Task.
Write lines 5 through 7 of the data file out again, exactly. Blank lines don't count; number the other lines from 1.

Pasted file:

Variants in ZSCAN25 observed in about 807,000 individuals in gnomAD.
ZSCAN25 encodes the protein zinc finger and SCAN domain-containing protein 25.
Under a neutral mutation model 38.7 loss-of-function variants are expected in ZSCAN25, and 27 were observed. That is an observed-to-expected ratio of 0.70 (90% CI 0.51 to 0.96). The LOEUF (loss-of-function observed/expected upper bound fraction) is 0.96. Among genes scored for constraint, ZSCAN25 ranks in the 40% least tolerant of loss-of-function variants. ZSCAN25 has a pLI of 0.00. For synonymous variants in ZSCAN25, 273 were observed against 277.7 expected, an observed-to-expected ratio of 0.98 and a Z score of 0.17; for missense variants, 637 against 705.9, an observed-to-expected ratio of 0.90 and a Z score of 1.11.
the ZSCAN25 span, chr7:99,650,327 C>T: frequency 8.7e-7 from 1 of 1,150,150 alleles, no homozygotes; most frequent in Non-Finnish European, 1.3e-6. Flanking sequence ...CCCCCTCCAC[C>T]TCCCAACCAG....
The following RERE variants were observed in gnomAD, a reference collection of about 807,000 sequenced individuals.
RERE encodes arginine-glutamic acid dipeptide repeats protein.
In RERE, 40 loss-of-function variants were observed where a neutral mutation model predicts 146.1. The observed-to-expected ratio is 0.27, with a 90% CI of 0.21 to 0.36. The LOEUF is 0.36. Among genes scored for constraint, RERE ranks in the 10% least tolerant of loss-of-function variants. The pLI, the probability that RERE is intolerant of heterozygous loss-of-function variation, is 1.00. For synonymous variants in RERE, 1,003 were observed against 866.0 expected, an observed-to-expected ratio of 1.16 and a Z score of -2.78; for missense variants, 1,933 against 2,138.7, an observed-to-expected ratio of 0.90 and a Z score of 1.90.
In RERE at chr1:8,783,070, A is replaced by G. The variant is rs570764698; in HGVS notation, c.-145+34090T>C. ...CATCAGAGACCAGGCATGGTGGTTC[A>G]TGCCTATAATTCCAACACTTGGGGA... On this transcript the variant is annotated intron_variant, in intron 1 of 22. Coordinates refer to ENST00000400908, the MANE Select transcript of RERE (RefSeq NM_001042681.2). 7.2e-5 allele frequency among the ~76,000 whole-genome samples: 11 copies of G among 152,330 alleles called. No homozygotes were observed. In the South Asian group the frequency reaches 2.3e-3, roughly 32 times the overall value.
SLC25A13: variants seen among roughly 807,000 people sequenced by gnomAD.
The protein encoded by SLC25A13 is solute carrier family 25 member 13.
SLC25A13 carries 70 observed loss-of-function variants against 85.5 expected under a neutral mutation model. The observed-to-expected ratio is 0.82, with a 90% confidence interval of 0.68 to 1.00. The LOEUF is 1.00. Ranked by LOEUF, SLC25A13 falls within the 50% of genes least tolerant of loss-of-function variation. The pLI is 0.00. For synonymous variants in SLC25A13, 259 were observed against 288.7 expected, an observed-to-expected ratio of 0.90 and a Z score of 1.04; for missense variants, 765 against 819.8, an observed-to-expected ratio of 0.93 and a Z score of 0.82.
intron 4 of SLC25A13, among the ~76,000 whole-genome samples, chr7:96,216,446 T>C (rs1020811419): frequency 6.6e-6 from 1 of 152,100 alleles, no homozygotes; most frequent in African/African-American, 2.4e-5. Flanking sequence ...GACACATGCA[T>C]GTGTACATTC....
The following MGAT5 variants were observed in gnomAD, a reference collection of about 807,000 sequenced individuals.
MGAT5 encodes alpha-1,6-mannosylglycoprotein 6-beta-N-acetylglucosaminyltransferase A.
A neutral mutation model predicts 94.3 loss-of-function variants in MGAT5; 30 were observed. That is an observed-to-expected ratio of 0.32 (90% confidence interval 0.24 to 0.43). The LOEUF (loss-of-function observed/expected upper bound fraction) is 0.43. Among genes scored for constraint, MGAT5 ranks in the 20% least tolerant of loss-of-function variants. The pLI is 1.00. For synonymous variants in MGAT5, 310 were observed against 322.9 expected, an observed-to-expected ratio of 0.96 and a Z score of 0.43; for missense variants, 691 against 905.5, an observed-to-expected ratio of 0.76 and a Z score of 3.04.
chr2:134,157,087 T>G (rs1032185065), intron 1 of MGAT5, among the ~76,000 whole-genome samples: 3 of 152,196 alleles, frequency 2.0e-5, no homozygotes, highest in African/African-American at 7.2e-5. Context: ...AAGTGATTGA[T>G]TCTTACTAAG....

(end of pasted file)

The following RERE variants were observed in gnomAD, a reference collection of about 807,000 sequenced individuals.
RERE encodes arginine-glutamic acid dipeptide repeats protein.
In RERE, 40 loss-of-function variants were observed where a neutral mutation model predicts 146.1. The observed-to-expected ratio is 0.27, with a 90% CI of 0.21 to 0.36. The LOEUF is 0.36. Among genes scored for constraint, RERE ranks in the 10% least tolerant of loss-of-function variants. The pLI, the probability that RERE is intolerant of heterozygous loss-of-function variation, is 1.00. For synonymous variants in RERE, 1,003 were observed against 866.0 expected, an observed-to-expected ratio of 1.16 and a Z score of -2.78; for missense variants, 1,933 against 2,138.7, an observed-to-expected ratio of 0.90 and a Z score of 1.90.